M. Stefan Strozier's The Tragedy of Abraham Lincoln, presented by La Muse Venale Acting Troupe in an intimate studio space at Where Eagles Dare Theater, covers the last year in the life of the titular character. It opens with the president giving the celebrated Gettysburg Address, followed immediately by a scene with actor and soon-to-be assassin John Wilkes Booth performing a monologue from Julius Caesar. Once introduced, this juxtaposition of two views of Lincoln—revered leader versus tyrant—occurs throughout the play. Booth clearly believed that Lincoln was an unrelenting, power-hungry dictator; Lincoln honestly believed he was doing what was best for his nation. By the conclusion of the play, I was not sure which side I was supposed to feel sympathetic toward.
As Booth, Josh Stamell brought complexity to an otherwise vilified character. We see Booth with his mother, his family, and his fiancée. He loves them all but is tortured by indecision of Shakespearean proportions. In fact, his performance was so alive that Booth seemed to be the only character in color; everyone else appeared black and white. Whether intended by the script or not, it was easy to focus more on him than on any other character. Yet he doesn't fully get our sympathy; this Booth's obsession with Lincoln's supposed evils consumes him. But because he is the play's most three-dimensional character, we have little choice but to watch the action from his point of view.
Lincoln, by contrast, was taciturn, stiff, almost waxen. While this may reflect some of his actual personality traits (the real Lincoln could appear serious and reserved, despite his well-known sense of humor), it doesn't necessarily make for the most engaging theater. Occasionally he dropped his grave demeanor and, when in friendly conversation with Frederick Douglass or Ulysses S. Grant, told awkward stories about his youth that left him with an oddly manic glow. Was this hysteria showing the audience the stress that Lincoln was under? Or was it, in keeping with Booth's perspective, another indication that the president was not the stable hero we assume he is? Either interpretation would fit the play's initially introduced theme; instead, the ambiguity was unsettling.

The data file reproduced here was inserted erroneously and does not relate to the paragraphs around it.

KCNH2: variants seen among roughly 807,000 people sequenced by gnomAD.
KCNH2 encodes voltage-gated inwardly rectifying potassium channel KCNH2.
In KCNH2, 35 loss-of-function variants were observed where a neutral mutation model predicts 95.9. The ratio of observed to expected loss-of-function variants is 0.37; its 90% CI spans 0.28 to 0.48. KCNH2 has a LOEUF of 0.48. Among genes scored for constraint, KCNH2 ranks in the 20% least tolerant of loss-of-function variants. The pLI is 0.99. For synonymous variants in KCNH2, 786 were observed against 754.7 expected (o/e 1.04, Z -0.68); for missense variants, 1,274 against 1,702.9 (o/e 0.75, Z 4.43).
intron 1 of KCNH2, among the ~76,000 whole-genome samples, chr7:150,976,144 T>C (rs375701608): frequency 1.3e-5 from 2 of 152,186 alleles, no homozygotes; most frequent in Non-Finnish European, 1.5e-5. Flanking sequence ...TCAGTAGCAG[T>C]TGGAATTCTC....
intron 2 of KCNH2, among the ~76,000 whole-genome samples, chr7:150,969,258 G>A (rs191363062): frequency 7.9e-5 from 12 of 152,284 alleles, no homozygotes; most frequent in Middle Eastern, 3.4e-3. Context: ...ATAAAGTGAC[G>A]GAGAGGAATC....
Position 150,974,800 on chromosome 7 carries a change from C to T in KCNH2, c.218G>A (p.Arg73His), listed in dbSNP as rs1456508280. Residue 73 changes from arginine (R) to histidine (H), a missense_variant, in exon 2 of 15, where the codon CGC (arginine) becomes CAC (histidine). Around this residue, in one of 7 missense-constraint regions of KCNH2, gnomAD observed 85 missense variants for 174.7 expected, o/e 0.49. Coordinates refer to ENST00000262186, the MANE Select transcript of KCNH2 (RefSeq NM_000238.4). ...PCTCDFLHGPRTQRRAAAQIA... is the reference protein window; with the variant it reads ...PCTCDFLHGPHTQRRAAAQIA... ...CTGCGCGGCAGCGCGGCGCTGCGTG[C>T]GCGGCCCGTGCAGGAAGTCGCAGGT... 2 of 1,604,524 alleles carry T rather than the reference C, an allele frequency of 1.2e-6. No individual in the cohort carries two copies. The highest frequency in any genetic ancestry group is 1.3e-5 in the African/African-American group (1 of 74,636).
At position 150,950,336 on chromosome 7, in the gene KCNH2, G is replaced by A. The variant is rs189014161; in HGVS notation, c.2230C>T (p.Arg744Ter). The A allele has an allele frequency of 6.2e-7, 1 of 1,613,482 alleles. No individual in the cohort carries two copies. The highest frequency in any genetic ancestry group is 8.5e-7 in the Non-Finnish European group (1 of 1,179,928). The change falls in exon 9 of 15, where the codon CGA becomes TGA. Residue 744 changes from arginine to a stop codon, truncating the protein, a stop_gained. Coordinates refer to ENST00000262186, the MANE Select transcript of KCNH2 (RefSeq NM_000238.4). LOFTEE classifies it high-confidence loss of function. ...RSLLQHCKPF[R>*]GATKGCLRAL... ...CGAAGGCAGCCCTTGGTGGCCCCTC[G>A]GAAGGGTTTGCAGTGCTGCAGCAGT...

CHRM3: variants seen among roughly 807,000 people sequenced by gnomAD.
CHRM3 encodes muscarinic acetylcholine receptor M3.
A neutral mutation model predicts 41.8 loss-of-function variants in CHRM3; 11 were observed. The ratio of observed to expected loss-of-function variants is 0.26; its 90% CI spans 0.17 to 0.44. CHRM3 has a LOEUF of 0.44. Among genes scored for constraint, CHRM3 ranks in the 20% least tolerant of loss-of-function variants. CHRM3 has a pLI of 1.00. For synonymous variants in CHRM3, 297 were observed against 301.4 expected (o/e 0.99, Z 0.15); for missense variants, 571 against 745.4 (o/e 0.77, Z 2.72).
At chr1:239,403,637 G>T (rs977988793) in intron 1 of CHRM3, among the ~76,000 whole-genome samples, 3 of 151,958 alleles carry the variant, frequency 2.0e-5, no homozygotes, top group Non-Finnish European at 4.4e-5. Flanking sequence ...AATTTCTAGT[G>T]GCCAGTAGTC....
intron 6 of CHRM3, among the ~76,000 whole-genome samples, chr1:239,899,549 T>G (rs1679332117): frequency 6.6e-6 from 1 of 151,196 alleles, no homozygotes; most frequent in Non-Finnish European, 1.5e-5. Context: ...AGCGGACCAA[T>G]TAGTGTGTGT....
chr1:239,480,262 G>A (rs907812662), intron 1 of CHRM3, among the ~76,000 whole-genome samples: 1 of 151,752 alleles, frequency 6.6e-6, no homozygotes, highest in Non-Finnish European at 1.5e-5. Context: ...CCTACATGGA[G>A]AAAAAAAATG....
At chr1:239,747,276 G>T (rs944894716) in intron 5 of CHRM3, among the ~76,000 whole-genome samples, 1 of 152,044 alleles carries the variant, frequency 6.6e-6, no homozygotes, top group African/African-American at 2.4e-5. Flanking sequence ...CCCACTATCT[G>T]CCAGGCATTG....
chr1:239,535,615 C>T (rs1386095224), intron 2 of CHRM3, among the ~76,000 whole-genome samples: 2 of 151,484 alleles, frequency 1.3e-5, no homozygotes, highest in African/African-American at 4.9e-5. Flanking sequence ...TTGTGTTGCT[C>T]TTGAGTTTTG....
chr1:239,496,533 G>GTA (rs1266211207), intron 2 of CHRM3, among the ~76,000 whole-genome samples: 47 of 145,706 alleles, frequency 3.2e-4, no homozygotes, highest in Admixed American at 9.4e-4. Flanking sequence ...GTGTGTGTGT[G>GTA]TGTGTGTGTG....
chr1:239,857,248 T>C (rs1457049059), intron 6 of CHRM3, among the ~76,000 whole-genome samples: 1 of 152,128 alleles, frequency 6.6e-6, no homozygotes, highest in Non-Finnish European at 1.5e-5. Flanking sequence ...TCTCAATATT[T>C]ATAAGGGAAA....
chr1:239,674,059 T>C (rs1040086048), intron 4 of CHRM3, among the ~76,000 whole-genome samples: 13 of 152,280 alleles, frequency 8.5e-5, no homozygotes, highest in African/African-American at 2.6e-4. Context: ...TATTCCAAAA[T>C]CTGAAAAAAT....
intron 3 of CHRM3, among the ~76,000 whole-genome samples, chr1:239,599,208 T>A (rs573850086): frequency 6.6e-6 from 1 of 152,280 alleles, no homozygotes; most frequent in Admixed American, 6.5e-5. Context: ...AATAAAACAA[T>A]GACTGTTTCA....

Still, as Lincoln, Justin Ellis held his own against Stamell's Booth and gave a solid performance. His recitation of Lincoln's most famous speech was genuinely motivated. The two actors were an inspired casting choice: along with their ability to pull off two difficult characters, their physical resemblance to these historical figures was remarkable. It also helped that the costumes worn by all of the actors successfully conveyed the Civil War era without getting caught up in being precisely authentic.
Perhaps it was because the two lead actors were stronger performers than their cast mates, or because they were the only characters Strozier spent any time exploring, but the relative equality given to Booth and Lincoln made the play's perspective seem vague. I couldn't tell if Strozier has an opinion on these historical events or if he was just hoping to present the facts in a dramatic light. Unfortunately, without a well-formed point of view—whether in support of Lincoln or not—the play was never as interesting as it could have been. If Strozier does hold an opinion, he was less than successful in expressing it.
The production's real flaw was a lack of historical context for the audience. The show's program did not contain a cast list, and many of the characters portrayed (all, I believe, were actual people) were never explicitly introduced. Strozier clearly did a great deal of research for his script, and his attempt to share some of the more unsavory behaviors required of a nation at war—like the surveillance by Lincoln's secret police and ceasing prisoner exchanges—was intriguing but not well communicated. The play assumes a familiarity with Lincoln's presidency and assassination that goes much deeper than what many people were taught in school. This information is valid and welcome, but the audience needs to have an opportunity to learn it.
The show's program does mention, in a brief statement about Lincoln, that La Muse Venale wants to give "an honest performance and play." I must assume that this means The Tragedy of Abraham Lincoln wants to show a balanced view of history, without being overly glorifying or unfairly revisionist about the Civil War. A bit more communication about the playwright's intentions, whether in the script itself or in some takeaway materials for the audience, would clarify the company's purpose greatly and lead to a more consistent production with a more thoughtfully developed script.